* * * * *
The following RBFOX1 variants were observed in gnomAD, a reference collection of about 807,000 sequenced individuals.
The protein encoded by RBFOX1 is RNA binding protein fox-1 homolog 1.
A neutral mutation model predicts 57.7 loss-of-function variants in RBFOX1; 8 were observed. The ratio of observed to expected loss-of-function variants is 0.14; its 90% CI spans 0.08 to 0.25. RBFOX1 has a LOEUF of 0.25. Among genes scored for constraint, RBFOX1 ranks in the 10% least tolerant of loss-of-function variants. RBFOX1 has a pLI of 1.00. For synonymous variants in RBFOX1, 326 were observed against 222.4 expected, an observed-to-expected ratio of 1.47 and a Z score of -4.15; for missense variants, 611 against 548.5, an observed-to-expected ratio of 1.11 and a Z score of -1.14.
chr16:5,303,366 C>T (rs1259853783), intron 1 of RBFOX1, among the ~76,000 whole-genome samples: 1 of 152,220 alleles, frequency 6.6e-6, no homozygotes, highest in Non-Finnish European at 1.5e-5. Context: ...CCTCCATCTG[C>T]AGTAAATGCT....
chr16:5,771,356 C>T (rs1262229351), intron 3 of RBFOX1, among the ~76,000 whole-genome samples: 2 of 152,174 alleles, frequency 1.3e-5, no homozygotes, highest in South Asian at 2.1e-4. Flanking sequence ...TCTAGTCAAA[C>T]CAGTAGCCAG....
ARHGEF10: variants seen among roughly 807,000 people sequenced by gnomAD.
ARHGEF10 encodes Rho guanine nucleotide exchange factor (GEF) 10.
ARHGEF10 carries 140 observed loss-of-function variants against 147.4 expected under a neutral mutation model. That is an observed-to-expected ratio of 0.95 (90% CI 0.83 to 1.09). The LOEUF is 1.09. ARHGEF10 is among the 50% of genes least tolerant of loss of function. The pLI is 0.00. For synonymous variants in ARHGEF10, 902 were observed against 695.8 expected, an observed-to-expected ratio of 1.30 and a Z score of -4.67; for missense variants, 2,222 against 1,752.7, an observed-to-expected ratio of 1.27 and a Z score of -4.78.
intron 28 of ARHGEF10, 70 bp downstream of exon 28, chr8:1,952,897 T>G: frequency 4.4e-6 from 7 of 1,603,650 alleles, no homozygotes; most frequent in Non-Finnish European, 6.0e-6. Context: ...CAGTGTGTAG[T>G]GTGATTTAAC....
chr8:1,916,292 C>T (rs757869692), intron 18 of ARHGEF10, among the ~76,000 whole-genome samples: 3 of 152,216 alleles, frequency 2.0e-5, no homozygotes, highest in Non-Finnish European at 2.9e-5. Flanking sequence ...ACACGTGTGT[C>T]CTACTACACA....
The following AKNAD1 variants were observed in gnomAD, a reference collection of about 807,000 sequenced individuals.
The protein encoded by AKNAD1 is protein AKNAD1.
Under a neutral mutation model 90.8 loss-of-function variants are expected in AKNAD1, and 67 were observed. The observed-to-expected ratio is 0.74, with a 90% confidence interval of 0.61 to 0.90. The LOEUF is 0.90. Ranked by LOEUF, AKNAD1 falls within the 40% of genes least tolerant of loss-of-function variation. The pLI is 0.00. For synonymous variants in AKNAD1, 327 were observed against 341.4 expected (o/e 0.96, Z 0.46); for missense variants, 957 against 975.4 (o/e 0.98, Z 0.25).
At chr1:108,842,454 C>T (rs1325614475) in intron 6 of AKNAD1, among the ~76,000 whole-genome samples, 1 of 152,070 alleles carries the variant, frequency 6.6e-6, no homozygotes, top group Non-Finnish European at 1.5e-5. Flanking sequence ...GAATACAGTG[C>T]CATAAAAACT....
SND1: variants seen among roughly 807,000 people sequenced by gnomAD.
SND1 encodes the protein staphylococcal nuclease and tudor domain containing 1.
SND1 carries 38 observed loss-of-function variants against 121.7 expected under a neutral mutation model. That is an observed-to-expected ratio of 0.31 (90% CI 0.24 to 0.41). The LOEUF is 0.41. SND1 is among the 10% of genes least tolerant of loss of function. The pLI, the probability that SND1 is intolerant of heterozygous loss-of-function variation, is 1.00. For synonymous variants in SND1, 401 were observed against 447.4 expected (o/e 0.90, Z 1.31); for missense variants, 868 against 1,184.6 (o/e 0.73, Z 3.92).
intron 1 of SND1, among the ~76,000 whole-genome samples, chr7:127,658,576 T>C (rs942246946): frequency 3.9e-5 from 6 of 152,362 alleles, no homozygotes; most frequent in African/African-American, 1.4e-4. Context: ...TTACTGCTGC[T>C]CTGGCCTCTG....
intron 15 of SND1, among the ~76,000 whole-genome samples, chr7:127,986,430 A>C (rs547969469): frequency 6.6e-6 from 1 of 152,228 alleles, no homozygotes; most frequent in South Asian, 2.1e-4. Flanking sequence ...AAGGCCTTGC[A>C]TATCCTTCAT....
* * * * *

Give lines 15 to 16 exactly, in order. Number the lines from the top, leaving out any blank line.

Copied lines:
SND1: variants seen among roughly 807,000 people sequenced by gnomAD.
SND1 encodes the protein staphylococcal nuclease and tudor domain containing 1.